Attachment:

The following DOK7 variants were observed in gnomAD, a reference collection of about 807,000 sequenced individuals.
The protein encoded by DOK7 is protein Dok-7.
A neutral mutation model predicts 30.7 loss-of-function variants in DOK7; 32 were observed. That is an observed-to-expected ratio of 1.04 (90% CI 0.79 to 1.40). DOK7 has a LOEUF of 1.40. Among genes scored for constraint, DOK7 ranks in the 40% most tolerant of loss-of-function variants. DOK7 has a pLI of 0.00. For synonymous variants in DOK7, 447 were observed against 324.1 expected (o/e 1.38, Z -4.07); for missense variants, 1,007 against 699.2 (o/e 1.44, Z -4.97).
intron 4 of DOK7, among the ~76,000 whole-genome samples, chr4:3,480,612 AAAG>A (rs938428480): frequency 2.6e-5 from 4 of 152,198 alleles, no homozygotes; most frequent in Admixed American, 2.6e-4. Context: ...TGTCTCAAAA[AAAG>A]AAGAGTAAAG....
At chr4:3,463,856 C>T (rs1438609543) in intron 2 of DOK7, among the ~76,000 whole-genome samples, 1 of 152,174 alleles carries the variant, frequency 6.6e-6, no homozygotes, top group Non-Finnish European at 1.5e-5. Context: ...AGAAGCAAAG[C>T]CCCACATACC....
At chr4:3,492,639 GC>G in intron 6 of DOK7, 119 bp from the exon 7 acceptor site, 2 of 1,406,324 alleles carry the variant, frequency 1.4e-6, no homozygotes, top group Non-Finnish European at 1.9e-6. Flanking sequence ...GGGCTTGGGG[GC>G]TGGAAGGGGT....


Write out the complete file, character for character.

The following DOK7 variants were observed in gnomAD, a reference collection of about 807,000 sequenced individuals.
The protein encoded by DOK7 is protein Dok-7.
A neutral mutation model predicts 30.7 loss-of-function variants in DOK7; 32 were observed. That is an observed-to-expected ratio of 1.04 (90% CI 0.79 to 1.40). DOK7 has a LOEUF of 1.40. Among genes scored for constraint, DOK7 ranks in the 40% most tolerant of loss-of-function variants. DOK7 has a pLI of 0.00. For synonymous variants in DOK7, 447 were observed against 324.1 expected (o/e 1.38, Z -4.07); for missense variants, 1,007 against 699.2 (o/e 1.44, Z -4.97).
intron 4 of DOK7, among the ~76,000 whole-genome samples, chr4:3,480,612 AAAG>A (rs938428480): frequency 2.6e-5 from 4 of 152,198 alleles, no homozygotes; most frequent in Admixed American, 2.6e-4. Context: ...TGTCTCAAAA[AAAG>A]AAGAGTAAAG....
At chr4:3,463,856 C>T (rs1438609543) in intron 2 of DOK7, among the ~76,000 whole-genome samples, 1 of 152,174 alleles carries the variant, frequency 6.6e-6, no homozygotes, top group Non-Finnish European at 1.5e-5. Context: ...AGAAGCAAAG[C>T]CCCACATACC....
At chr4:3,492,639 GC>G in intron 6 of DOK7, 119 bp from the exon 7 acceptor site, 2 of 1,406,324 alleles carry the variant, frequency 1.4e-6, no homozygotes, top group Non-Finnish European at 1.9e-6. Flanking sequence ...GGGCTTGGGG[GC>G]TGGAAGGGGT....